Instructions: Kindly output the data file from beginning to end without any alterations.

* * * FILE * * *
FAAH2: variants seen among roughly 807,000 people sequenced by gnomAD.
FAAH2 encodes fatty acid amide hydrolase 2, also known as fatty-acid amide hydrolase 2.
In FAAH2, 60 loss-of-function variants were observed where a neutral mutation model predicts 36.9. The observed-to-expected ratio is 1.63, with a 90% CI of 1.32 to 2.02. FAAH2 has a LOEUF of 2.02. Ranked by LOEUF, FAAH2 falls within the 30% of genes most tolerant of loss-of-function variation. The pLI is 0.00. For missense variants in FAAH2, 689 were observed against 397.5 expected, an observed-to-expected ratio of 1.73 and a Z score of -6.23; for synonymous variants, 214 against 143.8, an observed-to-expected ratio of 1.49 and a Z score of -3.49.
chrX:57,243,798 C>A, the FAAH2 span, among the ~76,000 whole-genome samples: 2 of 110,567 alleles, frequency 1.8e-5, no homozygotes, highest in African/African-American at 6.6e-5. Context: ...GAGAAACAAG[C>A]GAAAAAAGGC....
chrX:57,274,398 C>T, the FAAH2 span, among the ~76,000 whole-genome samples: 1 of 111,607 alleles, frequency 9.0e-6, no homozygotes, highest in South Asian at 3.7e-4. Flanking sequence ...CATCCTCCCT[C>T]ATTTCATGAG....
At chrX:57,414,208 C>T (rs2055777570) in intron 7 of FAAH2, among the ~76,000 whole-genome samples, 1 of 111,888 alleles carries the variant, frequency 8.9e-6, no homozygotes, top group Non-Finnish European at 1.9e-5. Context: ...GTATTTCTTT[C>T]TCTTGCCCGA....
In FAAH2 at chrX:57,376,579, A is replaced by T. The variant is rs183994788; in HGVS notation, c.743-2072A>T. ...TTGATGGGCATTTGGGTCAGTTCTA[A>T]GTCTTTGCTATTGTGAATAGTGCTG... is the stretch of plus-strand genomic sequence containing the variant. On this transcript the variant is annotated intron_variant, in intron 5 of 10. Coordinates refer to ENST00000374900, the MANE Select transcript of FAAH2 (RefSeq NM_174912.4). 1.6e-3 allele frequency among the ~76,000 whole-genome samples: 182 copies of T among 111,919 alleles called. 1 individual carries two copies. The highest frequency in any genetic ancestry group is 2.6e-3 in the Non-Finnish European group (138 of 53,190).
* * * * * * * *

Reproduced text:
FAAH2: variants seen among roughly 807,000 people sequenced by gnomAD.
FAAH2 encodes fatty acid amide hydrolase 2, also known as fatty-acid amide hydrolase 2.
In FAAH2, 60 loss-of-function variants were observed where a neutral mutation model predicts 36.9. The observed-to-expected ratio is 1.63, with a 90% CI of 1.32 to 2.02. FAAH2 has a LOEUF of 2.02. Ranked by LOEUF, FAAH2 falls within the 30% of genes most tolerant of loss-of-function variation. The pLI is 0.00. For missense variants in FAAH2, 689 were observed against 397.5 expected, an observed-to-expected ratio of 1.73 and a Z score of -6.23; for synonymous variants, 214 against 143.8, an observed-to-expected ratio of 1.49 and a Z score of -3.49.
chrX:57,243,798 C>A, the FAAH2 span, among the ~76,000 whole-genome samples: 2 of 110,567 alleles, frequency 1.8e-5, no homozygotes, highest in African/African-American at 6.6e-5. Context: ...GAGAAACAAG[C>A]GAAAAAAGGC....
chrX:57,274,398 C>T, the FAAH2 span, among the ~76,000 whole-genome samples: 1 of 111,607 alleles, frequency 9.0e-6, no homozygotes, highest in South Asian at 3.7e-4. Flanking sequence ...CATCCTCCCT[C>T]ATTTCATGAG....
At chrX:57,414,208 C>T (rs2055777570) in intron 7 of FAAH2, among the ~76,000 whole-genome samples, 1 of 111,888 alleles carries the variant, frequency 8.9e-6, no homozygotes, top group Non-Finnish European at 1.9e-5. Context: ...GTATTTCTTT[C>T]TCTTGCCCGA....
In FAAH2 at chrX:57,376,579, A is replaced by T. The variant is rs183994788; in HGVS notation, c.743-2072A>T. ...TTGATGGGCATTTGGGTCAGTTCTA[A>T]GTCTTTGCTATTGTGAATAGTGCTG... is the stretch of plus-strand genomic sequence containing the variant. On this transcript the variant is annotated intron_variant, in intron 5 of 10. Coordinates refer to ENST00000374900, the MANE Select transcript of FAAH2 (RefSeq NM_174912.4). 1.6e-3 allele frequency among the ~76,000 whole-genome samples: 182 copies of T among 111,919 alleles called. 1 individual carries two copies. The highest frequency in any genetic ancestry group is 2.6e-3 in the Non-Finnish European group (138 of 53,190).